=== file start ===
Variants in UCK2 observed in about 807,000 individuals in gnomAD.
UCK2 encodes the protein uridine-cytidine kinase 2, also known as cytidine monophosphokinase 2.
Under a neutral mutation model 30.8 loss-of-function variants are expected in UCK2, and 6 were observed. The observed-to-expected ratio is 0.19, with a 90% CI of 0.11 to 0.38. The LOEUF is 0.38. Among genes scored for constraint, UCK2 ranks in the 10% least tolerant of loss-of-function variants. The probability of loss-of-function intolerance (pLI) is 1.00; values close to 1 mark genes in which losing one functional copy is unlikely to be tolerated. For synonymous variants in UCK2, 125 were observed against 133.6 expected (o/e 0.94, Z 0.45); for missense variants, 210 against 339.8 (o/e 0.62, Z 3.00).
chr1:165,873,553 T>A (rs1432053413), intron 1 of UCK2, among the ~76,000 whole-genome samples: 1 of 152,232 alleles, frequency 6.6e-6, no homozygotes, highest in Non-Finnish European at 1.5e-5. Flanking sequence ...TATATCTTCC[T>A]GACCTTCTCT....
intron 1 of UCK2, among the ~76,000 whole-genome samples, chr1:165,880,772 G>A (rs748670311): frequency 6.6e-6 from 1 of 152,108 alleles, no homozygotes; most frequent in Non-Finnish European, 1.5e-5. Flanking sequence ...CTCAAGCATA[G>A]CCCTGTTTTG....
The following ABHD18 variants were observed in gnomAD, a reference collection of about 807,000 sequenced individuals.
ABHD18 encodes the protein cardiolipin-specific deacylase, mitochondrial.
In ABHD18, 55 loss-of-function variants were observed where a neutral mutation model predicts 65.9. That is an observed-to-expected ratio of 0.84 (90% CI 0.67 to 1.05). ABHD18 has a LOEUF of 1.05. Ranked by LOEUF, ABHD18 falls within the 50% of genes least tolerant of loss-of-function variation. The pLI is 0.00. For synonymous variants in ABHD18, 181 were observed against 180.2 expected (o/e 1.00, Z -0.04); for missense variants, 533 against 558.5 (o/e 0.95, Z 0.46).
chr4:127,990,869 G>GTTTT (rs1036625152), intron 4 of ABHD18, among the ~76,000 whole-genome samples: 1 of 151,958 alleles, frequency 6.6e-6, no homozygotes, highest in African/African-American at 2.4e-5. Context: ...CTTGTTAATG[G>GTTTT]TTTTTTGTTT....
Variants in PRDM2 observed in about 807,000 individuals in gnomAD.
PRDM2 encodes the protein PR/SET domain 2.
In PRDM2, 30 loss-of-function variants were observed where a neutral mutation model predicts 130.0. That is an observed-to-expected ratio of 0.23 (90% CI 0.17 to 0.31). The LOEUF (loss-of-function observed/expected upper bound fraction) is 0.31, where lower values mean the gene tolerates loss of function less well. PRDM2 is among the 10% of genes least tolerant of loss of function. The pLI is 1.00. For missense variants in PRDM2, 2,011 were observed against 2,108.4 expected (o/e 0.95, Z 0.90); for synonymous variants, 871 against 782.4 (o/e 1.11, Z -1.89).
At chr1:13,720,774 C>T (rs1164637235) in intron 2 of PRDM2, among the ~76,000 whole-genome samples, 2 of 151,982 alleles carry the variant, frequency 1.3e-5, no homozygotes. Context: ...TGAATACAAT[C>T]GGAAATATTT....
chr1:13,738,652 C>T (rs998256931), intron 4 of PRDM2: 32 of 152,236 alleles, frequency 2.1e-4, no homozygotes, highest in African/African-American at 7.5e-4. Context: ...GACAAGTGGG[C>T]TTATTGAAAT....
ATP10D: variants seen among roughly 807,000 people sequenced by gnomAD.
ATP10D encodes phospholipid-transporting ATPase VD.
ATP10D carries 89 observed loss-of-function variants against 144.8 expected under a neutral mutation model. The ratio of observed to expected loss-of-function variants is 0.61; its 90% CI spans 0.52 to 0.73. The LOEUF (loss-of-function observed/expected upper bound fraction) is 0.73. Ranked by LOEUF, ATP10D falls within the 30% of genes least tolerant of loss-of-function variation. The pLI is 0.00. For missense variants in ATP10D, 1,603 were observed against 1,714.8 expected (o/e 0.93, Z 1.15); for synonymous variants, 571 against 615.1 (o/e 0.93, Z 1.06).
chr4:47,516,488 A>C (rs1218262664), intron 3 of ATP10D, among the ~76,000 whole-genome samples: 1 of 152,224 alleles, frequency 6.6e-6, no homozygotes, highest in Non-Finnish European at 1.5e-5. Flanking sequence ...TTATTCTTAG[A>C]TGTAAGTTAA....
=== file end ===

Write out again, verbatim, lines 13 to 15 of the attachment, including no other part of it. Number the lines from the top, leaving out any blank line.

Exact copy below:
At chr1:13,720,774 C>T (rs1164637235) in intron 2 of PRDM2, among the ~76,000 whole-genome samples, 2 of 151,982 alleles carry the variant, frequency 1.3e-5, no homozygotes. Context: ...TGAATACAAT[C>T]GGAAATATTT....
chr1:13,738,652 C>T (rs998256931), intron 4 of PRDM2: 32 of 152,236 alleles, frequency 2.1e-4, no homozygotes, highest in African/African-American at 7.5e-4. Context: ...GACAAGTGGG[C>T]TTATTGAAAT....
ATP10D: variants seen among roughly 807,000 people sequenced by gnomAD.